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Gulf coast activists remain wary following Alabama Power coal ash plan


A Gulf Coast Environmental Group says Alabama Power’s recent announcement to recycle coal ash into cement won’t put an end to its work. The Coal Ash Action Group, featured in APR’s investigative report “Bad Chemistry,” says it will stay vigilant as long as it believes Mobile Bay is at risk.

The Coal Ash Action group says it will continue to alert the public about the threat from coal ash despite plans by Alabama Power. The utility will partner with Eco Material Technologies to recycle coal ash stored at Plant Barry into concrete. Coal ash is what’s left after coal is burned. Action group co-founder Diane Thomas says the danger of a chemical spill remains.

“We don’t know if what’s left over will still be buried in the same location, and it’s predicted to take 30 years.” Thomas said. “So all of the coal ash sitting on the bank of the river is still at risk of inundating the Delta for a number of years.”

APR first met the members of the Coal Ash Action Group in November. Cori Yonge brought us this story during our ten-month investigation “Bad Chemistry,” which looked into industrial chemicals allegedly killing Alabama neighbors.

“We want that coal ash moved. We are educating people so people know how big the issue is,” said eighty- year-old Sallie Smith during “Bad Chemistry.” She’s is one in a trio of grandmothers taking issue with Alabama Power’s plans to close the pond in place. Despite a stage-four cancer diagnosis and being an Alabama Power shareholder, Smith co-founded the Coal Ash Action Group. It’s a grass roots environmental effort. Seventy-five-year-old Diane Thomas, whom you heard earlier, is another senior in the group.

“When we go out, we tell people there’s a ticking time bomb, 20 miles from the head of the bay,” she said.

Alabama Power has a state permit to cap the pond. That means the ash would stay at the water’s edge forever. But the women are worried the ecologically diverse tangle of rivers and streams feeding Mobile Bay is just one flood away from an environmental catastrophe.

“This pond contains 21 million tons of toxic sludge, covers an area of about 451 football fields. The only thing holding it back from the bank of the river is a dirt dike,” said Thomas.

Seventy-nine year old Savan Wilson is the group’s third co-founder. She’s in charge of social media.

“We also now have an Instagram. And we even have a thread account because they’re tied together,” said Wilson.

The women want Alabama power to mirror actions in Virginia, North Carolina, South Carolina and Georgia where they’re moving coal ash to lined landfills. The group may get a boost from the EPA which recently held a public hearing in Montgomery. The agency proposes denying the state’s coal ash permit program. At the hearing, Susan Comensky, Alabama Power’s Vice President of Environmental Affairs opposed the denial.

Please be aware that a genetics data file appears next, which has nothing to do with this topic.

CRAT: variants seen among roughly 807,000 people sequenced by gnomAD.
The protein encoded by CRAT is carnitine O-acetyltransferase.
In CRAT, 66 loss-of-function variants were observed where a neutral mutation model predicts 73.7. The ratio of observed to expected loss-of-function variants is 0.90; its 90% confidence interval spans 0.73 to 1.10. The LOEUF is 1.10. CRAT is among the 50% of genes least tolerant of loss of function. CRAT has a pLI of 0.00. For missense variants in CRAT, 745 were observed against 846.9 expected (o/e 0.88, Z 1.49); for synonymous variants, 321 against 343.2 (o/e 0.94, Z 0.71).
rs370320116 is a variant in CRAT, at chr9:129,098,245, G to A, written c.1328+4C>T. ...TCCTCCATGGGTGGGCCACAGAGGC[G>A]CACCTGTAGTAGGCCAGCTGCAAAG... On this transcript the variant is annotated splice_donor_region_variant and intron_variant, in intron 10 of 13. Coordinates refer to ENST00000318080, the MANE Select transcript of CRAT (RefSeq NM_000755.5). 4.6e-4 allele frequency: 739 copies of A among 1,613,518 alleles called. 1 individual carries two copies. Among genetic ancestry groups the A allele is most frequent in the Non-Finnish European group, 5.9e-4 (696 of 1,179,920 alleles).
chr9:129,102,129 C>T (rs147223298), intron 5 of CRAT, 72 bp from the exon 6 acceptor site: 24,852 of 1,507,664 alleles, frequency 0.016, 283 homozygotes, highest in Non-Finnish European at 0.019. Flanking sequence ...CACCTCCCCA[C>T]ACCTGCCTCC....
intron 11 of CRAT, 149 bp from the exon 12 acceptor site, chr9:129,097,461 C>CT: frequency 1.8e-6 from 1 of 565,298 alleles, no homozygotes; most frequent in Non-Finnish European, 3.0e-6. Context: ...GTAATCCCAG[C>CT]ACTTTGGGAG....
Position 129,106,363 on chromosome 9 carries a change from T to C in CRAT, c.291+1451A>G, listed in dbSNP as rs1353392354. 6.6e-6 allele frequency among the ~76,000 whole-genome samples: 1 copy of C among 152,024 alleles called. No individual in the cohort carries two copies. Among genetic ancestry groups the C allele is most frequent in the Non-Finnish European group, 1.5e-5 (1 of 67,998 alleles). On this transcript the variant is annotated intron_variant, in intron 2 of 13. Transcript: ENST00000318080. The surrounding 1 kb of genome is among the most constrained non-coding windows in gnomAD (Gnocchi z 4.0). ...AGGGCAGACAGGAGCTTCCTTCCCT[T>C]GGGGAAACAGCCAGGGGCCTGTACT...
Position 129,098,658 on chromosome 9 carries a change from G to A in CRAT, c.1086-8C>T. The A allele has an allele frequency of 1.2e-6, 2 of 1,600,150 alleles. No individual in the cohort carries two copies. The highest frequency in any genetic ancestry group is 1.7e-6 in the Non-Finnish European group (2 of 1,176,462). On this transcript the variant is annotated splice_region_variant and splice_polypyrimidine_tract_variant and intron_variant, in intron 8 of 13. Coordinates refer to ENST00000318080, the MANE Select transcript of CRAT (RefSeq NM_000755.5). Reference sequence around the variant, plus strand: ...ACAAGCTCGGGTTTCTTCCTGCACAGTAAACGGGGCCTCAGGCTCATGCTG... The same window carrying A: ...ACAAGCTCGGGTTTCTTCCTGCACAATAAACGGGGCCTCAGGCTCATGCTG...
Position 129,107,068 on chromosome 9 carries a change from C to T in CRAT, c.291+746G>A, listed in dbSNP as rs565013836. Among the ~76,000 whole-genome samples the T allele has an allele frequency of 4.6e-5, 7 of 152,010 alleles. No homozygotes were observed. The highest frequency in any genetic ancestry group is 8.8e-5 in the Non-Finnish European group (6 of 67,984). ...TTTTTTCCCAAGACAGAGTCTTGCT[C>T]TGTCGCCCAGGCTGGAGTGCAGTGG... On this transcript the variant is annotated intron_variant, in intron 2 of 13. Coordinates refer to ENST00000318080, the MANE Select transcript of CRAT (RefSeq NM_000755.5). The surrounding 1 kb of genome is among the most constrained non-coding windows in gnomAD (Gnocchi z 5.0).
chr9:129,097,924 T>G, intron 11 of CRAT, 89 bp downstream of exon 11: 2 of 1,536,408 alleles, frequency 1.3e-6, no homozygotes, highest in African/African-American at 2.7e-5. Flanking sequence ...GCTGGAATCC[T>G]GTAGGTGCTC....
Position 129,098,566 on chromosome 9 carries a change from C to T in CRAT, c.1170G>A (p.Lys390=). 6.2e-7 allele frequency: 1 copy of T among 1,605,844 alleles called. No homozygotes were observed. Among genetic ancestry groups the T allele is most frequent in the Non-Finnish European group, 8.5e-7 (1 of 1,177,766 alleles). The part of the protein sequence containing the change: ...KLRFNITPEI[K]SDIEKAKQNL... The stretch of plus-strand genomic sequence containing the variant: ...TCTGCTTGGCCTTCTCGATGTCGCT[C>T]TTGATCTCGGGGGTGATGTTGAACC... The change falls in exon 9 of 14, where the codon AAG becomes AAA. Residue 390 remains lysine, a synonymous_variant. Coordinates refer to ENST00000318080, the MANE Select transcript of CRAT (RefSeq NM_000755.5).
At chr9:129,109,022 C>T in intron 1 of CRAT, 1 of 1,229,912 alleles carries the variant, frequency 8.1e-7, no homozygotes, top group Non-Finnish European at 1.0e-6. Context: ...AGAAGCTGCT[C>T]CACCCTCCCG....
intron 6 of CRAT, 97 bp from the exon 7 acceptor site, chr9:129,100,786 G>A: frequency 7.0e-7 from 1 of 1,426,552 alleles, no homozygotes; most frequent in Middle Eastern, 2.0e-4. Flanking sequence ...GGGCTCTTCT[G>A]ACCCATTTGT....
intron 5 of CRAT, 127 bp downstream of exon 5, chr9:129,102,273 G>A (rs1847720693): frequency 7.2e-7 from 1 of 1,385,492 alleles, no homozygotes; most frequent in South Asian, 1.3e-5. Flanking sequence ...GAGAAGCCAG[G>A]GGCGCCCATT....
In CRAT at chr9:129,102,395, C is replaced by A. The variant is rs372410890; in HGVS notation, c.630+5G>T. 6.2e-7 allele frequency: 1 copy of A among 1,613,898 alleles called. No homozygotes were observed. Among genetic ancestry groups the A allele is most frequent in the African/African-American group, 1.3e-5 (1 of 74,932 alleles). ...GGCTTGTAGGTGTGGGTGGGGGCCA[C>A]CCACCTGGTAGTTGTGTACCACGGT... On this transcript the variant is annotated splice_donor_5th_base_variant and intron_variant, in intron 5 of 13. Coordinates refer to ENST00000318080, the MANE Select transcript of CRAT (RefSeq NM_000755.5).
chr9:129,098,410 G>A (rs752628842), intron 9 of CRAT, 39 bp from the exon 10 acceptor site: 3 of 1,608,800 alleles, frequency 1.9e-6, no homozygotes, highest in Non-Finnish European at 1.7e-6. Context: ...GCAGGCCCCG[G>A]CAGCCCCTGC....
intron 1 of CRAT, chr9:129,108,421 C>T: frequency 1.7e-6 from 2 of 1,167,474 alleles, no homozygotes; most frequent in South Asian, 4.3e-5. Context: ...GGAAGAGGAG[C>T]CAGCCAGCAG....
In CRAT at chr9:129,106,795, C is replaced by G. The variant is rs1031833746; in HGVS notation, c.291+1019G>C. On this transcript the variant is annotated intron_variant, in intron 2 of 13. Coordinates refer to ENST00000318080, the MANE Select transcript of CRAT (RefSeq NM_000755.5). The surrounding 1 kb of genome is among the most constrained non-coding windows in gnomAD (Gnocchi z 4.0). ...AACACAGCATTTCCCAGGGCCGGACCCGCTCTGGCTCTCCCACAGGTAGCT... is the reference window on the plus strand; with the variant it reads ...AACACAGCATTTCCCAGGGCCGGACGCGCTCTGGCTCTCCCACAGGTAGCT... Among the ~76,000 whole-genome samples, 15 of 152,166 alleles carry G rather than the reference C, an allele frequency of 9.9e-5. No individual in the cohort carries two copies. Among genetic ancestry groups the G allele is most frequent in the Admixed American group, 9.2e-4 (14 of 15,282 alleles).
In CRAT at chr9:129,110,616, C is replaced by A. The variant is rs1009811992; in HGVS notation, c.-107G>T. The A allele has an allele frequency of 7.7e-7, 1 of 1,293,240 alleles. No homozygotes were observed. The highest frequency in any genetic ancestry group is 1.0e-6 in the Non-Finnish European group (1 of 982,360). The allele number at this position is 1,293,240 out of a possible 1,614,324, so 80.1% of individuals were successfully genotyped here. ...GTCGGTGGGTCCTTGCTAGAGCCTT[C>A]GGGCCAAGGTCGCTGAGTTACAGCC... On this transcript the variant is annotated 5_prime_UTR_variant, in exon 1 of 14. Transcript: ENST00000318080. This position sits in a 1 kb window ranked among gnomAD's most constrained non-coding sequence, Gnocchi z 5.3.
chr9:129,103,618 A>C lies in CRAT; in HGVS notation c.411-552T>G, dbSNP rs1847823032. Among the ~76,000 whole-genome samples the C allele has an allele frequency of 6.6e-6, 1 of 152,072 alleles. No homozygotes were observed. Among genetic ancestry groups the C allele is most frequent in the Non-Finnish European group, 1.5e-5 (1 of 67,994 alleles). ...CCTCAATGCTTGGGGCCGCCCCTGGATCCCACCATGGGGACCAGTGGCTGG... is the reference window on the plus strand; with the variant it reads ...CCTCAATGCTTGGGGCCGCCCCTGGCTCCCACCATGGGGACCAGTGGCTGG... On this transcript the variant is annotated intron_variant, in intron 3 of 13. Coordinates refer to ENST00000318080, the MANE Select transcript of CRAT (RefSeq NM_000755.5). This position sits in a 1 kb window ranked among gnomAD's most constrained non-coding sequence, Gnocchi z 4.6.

“Alabama Power’s plans are safe, compliant with federal and state regulations, and protect human health and the environment,” she said.

But Frank Holleman, an attorney with the Southern Environmental Law Center takes sides with the seniors.

“The question in my mind is, if South Carolina can do it, can’t Alabama do it?” he responded during APR’s “Bad Chemistry” investigation. “If North Carolina can do it, can’t Alabama do it? If Virginia can do it and Georgia can do it, can’t Alabama?”

As far Alabama Power’s current presence along the Gulf coast, the utility has a permit to cap the ash pond in place. A spokesperson for the company says the recycling plans won’t change that. Coal ash is what’s left after coal is burned. Diane Thomas calls the move good news but isn’t declaring victory.

“We’re going to continue to make people aware of the toxic lagoon 25 miles up river, and I don’t really think our efforts are going to change except we will tell people Alabama Power is doing something different other than just burying the whole mess on the side of the river,” she said.

If you’d like to listen to APR’s investigation “Bad Chemistry,” just click below.

APR Graduate student intern Cori Yonge returns to journalism after spending time in the corporate world. She is currently pursuing a master’s degree in Journalism and Media Studies from The University of Alabama and is ecstatic to be back working with public radio. Cori has an interest in health, environment, and science reporting and is the winner of both an Associated Press award and Sigma Delta Chi award for healthcare related stories. The mother of two daughters, Cori spent twelve years as a Girl Scout leader. Though her daughters are grown, she still enjoys camping with friends and family – especially if that time allows her to do some gourmet outdoor cooking. Cori and her husband Lynn live in Fairhope.
Pat Duggins is news director for Alabama Public Radio.
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